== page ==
As far as reproductive behavior is concerned (ii), we cannot rule out that this represents an erroneous attempt between different species. Nevertheless, the fact that these are different species and the way the larger individual holds the smaller one does not correspond well with the mating behavior of living cephalopods. In modern coleoids, the male usually faces the head of the female either from the front or from the side (e.g., Corner and Moore 1980; Boyle 1987; Boal 1997, 2006; Hanlon et al. 2005; Ylitalo et al. 2019). Hence, we consider this hypothesis to be unlikely as well.
Coleoid cephalopods are known to be predators from hatching onward (e.g., Nixon 1985, 1987) with some rare exceptions (Fernández-Álvarez et al. 2018). Additionally, fossilized cases of incomplete (prey not completely ingested) and completed predation (crop, stomach or gut contents) of cephalopods (iii) have been documented by, e.g., Landman and Davis (1988), Mapes et al. (2010), Doguzhaeva et al. (2018), Jenny et al. (2019), Klug et al. (2019), and Hart et al. (2020). Most of these authors reported on predation on vertebrates, while Doguzhaeva et al. (2018) demonstrated that Idahoteuthis fed on another coleoid and Wilby et al. (2004) showed the same for Belemnotheutis. The fossil presented here shows two loligosepiid vampyromorphs, where the larger individual embraces the posterior end of the smaller individual. Taking into account that the smaller individual is held by the larger and that they belong to different species, we consider that the larger animal caught the smaller animal in order to feed on it (Fig. 4).
The question arises as to why the coleoid prey was not further processed. The two animals are embedded in a dark claystone, which was deposited during the Toarcian in the Germanic Basin. As shown by Röhl et al. (2001, 2002), anoxic and hypoxic conditions occurred in the waters near the sediment surface repeatedly in that time and region, explaining the scarcity of scavenging and the abundance of exceptional fossil preservation (e.g., Allison 1988; Briggs and Wilby 1996; Clements et al. 2016). As suggested for other cases of fossilized predation by coleoids, we assume that the successful predator did not focus on the water depth when it began to eat and started sinking (e.g., Jenny et al. 2019; Mapes et al. 2019). Eventually, the animals reached the lower part of the water body with insufficient oxygen levels causing their asphyxiation. Accordingly, this would be another case of ‘distraction sinking’ (Mapes et al. 2019). This would also be in line with the interpretation that early vampire squid were living in epicontinental seas and not yet adapted to low oxygen habitats (Košťák et al. 2021). The only question, which remains to be answered is whether the Early Jurassic forms described here were already using their filaments for detritus feeding on the side.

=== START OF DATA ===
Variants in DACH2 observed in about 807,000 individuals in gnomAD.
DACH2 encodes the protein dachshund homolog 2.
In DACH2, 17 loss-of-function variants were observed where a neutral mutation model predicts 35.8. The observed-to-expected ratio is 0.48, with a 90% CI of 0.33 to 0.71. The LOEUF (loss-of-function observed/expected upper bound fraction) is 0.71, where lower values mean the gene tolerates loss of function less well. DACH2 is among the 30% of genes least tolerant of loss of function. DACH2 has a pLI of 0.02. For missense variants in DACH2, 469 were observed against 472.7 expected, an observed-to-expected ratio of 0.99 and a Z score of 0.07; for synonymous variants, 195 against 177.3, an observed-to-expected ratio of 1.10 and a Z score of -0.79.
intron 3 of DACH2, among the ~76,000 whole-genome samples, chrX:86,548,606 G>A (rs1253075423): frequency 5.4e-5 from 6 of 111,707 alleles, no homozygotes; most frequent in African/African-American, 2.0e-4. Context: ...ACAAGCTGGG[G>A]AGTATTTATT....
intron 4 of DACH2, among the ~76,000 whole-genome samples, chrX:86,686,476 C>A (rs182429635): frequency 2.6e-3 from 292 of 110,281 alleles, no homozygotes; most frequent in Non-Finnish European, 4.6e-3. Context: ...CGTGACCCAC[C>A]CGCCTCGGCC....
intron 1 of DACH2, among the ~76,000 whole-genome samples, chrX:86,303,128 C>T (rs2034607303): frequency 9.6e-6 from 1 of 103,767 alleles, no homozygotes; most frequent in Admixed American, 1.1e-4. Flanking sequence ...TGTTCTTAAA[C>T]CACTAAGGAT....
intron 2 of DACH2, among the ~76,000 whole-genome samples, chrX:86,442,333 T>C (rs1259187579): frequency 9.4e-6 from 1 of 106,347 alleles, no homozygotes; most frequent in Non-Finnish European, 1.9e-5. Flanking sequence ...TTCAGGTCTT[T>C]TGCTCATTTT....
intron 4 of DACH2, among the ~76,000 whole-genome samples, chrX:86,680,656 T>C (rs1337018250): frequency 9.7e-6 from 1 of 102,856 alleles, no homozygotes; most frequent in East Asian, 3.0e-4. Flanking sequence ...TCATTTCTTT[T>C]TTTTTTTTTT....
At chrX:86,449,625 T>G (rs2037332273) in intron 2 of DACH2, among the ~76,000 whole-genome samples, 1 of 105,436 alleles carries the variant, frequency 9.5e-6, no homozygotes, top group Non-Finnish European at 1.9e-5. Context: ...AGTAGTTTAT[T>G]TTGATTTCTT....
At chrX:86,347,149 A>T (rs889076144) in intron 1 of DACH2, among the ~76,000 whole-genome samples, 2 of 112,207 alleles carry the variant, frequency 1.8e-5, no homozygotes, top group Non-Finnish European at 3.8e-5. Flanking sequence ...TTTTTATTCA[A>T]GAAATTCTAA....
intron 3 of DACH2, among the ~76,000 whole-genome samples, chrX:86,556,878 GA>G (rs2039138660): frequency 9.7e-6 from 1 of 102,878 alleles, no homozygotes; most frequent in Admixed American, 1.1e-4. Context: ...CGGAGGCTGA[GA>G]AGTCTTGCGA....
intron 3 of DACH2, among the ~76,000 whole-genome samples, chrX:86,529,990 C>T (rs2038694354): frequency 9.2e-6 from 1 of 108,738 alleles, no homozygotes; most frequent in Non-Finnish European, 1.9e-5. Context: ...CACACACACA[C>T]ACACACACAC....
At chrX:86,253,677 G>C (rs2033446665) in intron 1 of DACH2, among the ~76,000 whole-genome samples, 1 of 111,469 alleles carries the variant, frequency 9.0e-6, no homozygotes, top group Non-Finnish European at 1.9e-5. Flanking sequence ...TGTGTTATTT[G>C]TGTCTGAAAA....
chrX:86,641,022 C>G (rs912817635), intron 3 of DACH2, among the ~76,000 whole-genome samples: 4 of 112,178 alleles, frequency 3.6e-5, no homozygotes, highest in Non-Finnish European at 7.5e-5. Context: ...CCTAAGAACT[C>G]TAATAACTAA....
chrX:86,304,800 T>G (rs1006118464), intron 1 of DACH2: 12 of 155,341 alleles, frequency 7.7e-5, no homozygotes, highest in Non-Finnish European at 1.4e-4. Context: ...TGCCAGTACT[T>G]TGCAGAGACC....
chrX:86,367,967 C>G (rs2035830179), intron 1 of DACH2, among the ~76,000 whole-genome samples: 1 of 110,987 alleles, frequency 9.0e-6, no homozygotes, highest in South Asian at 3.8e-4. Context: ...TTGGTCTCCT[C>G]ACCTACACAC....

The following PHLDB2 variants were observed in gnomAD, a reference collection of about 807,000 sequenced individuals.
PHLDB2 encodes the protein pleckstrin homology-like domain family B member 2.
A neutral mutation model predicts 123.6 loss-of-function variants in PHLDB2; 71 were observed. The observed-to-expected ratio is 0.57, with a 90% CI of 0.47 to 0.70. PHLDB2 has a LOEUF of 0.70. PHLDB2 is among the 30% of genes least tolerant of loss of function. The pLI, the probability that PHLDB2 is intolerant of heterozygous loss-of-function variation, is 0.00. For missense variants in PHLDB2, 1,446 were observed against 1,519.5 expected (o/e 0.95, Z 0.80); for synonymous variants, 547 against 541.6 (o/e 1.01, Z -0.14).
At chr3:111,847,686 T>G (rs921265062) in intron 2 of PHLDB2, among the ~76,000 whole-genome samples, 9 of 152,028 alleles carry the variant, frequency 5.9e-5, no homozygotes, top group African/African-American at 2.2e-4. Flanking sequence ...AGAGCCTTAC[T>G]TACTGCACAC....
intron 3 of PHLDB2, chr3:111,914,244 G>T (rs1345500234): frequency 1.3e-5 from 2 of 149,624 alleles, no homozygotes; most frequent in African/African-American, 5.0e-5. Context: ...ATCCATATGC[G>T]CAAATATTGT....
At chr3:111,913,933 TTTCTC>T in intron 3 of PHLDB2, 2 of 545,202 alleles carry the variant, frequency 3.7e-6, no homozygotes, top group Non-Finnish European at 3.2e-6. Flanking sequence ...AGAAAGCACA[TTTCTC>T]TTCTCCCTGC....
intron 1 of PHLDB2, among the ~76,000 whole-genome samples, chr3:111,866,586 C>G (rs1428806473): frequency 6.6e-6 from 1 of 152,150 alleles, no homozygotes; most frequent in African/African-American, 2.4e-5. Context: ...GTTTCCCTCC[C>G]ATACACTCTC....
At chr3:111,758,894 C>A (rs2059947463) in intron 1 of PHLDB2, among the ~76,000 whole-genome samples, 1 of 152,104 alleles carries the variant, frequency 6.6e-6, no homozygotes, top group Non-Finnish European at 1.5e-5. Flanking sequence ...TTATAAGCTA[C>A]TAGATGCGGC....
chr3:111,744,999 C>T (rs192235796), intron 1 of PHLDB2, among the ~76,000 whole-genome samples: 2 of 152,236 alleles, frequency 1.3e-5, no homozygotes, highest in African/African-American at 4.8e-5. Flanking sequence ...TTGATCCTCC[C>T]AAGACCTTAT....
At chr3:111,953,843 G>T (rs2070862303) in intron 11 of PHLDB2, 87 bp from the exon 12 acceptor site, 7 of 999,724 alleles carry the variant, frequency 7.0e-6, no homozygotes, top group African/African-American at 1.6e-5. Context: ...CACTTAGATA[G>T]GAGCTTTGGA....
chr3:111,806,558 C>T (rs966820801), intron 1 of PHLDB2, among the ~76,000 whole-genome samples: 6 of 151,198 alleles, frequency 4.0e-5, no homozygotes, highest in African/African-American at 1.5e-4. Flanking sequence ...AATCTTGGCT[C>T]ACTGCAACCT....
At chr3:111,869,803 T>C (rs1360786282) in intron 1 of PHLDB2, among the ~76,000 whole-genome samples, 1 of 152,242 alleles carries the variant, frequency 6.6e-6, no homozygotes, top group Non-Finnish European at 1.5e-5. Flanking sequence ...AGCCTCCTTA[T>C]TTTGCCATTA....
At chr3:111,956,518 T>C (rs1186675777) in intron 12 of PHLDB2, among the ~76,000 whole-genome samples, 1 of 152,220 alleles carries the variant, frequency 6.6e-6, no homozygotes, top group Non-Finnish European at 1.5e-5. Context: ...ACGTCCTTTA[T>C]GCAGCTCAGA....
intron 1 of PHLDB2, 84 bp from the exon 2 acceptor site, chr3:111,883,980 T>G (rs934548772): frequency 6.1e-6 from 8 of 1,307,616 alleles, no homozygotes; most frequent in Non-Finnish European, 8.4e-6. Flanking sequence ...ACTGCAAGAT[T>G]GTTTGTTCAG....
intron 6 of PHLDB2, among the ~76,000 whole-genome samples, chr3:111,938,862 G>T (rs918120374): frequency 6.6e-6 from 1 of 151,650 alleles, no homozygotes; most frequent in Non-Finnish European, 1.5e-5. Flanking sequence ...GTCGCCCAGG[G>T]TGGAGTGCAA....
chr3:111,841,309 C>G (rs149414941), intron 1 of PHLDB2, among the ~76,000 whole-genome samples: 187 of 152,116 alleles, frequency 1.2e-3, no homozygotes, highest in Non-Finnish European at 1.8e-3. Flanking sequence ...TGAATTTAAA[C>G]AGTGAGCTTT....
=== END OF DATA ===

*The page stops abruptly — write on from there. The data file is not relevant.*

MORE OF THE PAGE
We document two fossilized octobrachian coleoids from the Early Jurassic Posidonienschiefer of southern Germany. Both specimens are more or less completely preserved including most of their soft parts. The arm crown of the larger specimen, Jeletzkyteuthis coriacea (Vampyromorpha), counts eight muscular arms plus a pair of worm-shaped structures that we interpret as a fifth dorsolateral arm pair homologous to the filaments of extant Vampyroteuthis. If this interpretation is correct, the long filaments of extant Vampyroteuthis arose from a shorter thread-like arm pair.
The larger individual holds the posterior end of the smaller in its arms, with the apex very close to its jaws. We suggest that this is a case of frozen predatory behaviour of two different octobrachian species. Their preservation is explained by distraction sinking. This finding is a new building block helping to reconstruct the food web of the Early Jurassic of the Germanic Basin.
Availability of data and materials
The single specimen illustrated and described is stored at the Staatliches Museum für Naturkunde in Stuttgart, Germany.
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We dedicate this article to the commemoration of our dear colleague Sigurd von Boletzky, who passed away in 2019. This is a contribution to a project funded by the Swiss National Science Foundation (project nr. 200021_169627 to CK). The main specimen was discovered by Dieter Weber (Rechberghausen). We greatly appreciate the very positive and constructive reviews by the reviewers Malcolm Hart (Plymouth) and Robert Weis (Luxembourg).
CK was supported by the Swiss National Science Foundation (project nr. 200021_169627).
We have no competing interests.
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Editorial handling: René Hoffmann.
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Klug, C., Schweigert, G., Fuchs, D. et al. Distraction sinking and fossilized coleoid predatory behaviour from the German Early Jurassic. Swiss J Palaeontol 140, 7 (2021). https://doi.org/10.1186/s13358-021-00218-y